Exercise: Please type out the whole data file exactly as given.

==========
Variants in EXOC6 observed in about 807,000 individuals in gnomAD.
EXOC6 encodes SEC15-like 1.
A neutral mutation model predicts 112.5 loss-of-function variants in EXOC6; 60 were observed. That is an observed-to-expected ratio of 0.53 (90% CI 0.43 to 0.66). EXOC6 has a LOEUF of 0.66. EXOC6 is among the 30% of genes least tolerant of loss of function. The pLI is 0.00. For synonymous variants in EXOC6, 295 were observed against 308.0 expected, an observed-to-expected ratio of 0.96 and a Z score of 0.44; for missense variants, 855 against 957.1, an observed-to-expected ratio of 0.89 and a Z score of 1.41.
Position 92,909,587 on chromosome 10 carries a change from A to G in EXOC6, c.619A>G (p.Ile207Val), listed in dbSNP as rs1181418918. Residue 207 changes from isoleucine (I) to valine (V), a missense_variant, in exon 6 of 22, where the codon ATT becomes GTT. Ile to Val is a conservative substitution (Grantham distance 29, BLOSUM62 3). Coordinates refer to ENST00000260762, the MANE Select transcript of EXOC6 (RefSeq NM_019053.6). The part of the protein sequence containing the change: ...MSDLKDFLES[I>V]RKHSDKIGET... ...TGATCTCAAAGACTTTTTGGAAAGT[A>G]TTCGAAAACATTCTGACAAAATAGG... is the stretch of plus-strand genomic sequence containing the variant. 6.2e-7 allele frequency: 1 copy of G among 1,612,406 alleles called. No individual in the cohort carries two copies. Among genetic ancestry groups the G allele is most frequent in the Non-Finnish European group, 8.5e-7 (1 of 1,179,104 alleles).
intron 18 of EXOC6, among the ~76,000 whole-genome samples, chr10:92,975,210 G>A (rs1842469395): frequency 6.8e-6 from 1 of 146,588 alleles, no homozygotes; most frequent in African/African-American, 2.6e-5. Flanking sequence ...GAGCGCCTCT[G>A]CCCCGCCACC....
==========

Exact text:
Variants in EXOC6 observed in about 807,000 individuals in gnomAD.
EXOC6 encodes SEC15-like 1.
A neutral mutation model predicts 112.5 loss-of-function variants in EXOC6; 60 were observed. That is an observed-to-expected ratio of 0.53 (90% CI 0.43 to 0.66). EXOC6 has a LOEUF of 0.66. EXOC6 is among the 30% of genes least tolerant of loss of function. The pLI is 0.00. For synonymous variants in EXOC6, 295 were observed against 308.0 expected, an observed-to-expected ratio of 0.96 and a Z score of 0.44; for missense variants, 855 against 957.1, an observed-to-expected ratio of 0.89 and a Z score of 1.41.
Position 92,909,587 on chromosome 10 carries a change from A to G in EXOC6, c.619A>G (p.Ile207Val), listed in dbSNP as rs1181418918. Residue 207 changes from isoleucine (I) to valine (V), a missense_variant, in exon 6 of 22, where the codon ATT becomes GTT. Ile to Val is a conservative substitution (Grantham distance 29, BLOSUM62 3). Coordinates refer to ENST00000260762, the MANE Select transcript of EXOC6 (RefSeq NM_019053.6). The part of the protein sequence containing the change: ...MSDLKDFLES[I>V]RKHSDKIGET... ...TGATCTCAAAGACTTTTTGGAAAGT[A>G]TTCGAAAACATTCTGACAAAATAGG... is the stretch of plus-strand genomic sequence containing the variant. 6.2e-7 allele frequency: 1 copy of G among 1,612,406 alleles called. No individual in the cohort carries two copies. Among genetic ancestry groups the G allele is most frequent in the Non-Finnish European group, 8.5e-7 (1 of 1,179,104 alleles).
intron 18 of EXOC6, among the ~76,000 whole-genome samples, chr10:92,975,210 G>A (rs1842469395): frequency 6.8e-6 from 1 of 146,588 alleles, no homozygotes; most frequent in African/African-American, 2.6e-5. Flanking sequence ...GAGCGCCTCT[G>A]CCCCGCCACC....